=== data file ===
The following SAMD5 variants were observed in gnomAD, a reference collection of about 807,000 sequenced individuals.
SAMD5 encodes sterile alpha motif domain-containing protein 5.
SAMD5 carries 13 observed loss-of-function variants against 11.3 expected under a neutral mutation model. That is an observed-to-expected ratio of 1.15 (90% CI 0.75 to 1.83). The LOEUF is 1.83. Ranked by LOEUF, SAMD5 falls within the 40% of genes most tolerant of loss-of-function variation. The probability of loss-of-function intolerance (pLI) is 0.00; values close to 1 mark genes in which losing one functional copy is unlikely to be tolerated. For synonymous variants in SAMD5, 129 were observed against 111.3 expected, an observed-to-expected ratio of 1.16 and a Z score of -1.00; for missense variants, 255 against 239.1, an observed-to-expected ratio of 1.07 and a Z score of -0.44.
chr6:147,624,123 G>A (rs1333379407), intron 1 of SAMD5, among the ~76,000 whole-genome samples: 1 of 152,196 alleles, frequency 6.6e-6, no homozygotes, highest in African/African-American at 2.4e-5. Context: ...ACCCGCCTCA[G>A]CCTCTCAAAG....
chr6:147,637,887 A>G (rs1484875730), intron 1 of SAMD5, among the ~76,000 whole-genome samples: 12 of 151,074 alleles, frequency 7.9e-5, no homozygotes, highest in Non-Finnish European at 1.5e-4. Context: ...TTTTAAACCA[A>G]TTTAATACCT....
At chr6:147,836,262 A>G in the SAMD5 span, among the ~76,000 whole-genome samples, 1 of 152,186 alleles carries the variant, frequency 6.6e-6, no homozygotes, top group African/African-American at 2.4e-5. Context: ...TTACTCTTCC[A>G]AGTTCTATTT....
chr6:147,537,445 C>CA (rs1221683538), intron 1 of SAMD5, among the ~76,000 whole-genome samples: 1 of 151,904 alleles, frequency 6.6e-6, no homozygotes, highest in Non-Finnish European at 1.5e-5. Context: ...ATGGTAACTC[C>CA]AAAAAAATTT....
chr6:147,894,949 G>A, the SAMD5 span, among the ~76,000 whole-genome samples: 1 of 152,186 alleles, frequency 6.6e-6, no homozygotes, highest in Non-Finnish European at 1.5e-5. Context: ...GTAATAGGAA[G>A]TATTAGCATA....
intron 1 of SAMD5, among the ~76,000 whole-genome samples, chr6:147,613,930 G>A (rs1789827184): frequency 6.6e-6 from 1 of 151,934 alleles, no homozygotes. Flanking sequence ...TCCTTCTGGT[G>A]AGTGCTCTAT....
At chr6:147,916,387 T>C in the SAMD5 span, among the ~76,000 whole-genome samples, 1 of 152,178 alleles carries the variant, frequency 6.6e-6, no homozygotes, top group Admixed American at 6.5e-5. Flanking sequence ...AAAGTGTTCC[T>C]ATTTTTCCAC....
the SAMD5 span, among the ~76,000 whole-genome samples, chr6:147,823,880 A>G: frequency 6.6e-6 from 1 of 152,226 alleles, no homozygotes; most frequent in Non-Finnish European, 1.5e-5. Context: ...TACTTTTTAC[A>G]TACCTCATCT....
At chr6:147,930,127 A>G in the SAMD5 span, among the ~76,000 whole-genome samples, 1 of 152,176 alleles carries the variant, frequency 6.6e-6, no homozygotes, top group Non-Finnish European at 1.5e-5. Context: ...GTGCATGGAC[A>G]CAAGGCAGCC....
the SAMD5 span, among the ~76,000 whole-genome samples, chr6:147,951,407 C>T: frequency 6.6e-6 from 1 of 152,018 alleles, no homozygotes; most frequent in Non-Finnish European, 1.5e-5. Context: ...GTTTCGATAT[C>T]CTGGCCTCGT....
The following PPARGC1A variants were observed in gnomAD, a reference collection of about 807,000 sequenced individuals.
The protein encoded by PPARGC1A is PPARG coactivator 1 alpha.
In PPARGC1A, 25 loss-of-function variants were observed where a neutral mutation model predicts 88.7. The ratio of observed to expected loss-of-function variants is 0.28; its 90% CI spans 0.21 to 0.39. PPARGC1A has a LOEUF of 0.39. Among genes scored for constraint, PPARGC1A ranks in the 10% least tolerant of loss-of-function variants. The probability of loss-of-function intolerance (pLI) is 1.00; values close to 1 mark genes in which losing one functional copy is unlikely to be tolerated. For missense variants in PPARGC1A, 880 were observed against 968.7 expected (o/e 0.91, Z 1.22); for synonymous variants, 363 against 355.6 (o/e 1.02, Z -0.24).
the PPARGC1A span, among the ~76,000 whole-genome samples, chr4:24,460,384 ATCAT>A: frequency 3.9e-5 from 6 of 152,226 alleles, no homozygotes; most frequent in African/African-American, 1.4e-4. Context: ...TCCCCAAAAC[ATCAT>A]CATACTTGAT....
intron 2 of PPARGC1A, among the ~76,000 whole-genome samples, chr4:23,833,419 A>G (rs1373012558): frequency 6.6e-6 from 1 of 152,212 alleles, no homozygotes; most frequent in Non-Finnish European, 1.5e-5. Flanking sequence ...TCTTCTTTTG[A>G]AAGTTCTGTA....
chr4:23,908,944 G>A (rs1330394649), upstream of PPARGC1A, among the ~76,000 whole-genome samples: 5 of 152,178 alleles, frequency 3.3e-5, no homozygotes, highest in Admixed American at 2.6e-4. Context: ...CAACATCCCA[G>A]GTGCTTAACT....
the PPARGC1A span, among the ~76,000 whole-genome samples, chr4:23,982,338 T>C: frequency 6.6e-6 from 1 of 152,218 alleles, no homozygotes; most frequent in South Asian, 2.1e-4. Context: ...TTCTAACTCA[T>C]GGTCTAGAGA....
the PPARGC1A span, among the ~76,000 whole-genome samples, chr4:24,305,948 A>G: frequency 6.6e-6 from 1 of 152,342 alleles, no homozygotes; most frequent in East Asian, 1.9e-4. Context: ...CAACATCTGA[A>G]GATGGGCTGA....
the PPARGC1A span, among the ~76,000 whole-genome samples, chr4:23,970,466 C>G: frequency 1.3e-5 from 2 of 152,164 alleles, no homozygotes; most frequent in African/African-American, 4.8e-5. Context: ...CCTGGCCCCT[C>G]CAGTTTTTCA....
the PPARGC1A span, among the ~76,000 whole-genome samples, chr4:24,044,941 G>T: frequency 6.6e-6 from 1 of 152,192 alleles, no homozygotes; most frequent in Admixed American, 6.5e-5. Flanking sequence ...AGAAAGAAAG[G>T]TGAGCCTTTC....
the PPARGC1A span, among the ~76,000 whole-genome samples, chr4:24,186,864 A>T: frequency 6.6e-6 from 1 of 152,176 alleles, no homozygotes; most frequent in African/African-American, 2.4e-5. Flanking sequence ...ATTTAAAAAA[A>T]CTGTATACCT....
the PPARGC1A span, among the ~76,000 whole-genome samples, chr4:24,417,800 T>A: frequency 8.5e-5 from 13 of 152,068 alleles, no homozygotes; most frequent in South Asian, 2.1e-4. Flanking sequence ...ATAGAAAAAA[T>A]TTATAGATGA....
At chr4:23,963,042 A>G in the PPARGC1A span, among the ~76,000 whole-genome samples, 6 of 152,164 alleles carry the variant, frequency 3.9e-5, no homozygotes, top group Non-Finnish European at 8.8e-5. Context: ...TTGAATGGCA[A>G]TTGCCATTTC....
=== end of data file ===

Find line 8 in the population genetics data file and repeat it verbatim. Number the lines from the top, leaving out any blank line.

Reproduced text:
chr6:147,894,949 G>A, the SAMD5 span, among the ~76,000 whole-genome samples: 1 of 152,186 alleles, frequency 6.6e-6, no homozygotes, highest in Non-Finnish European at 1.5e-5. Context: ...GTAATAGGAA[G>A]TATTAGCATA....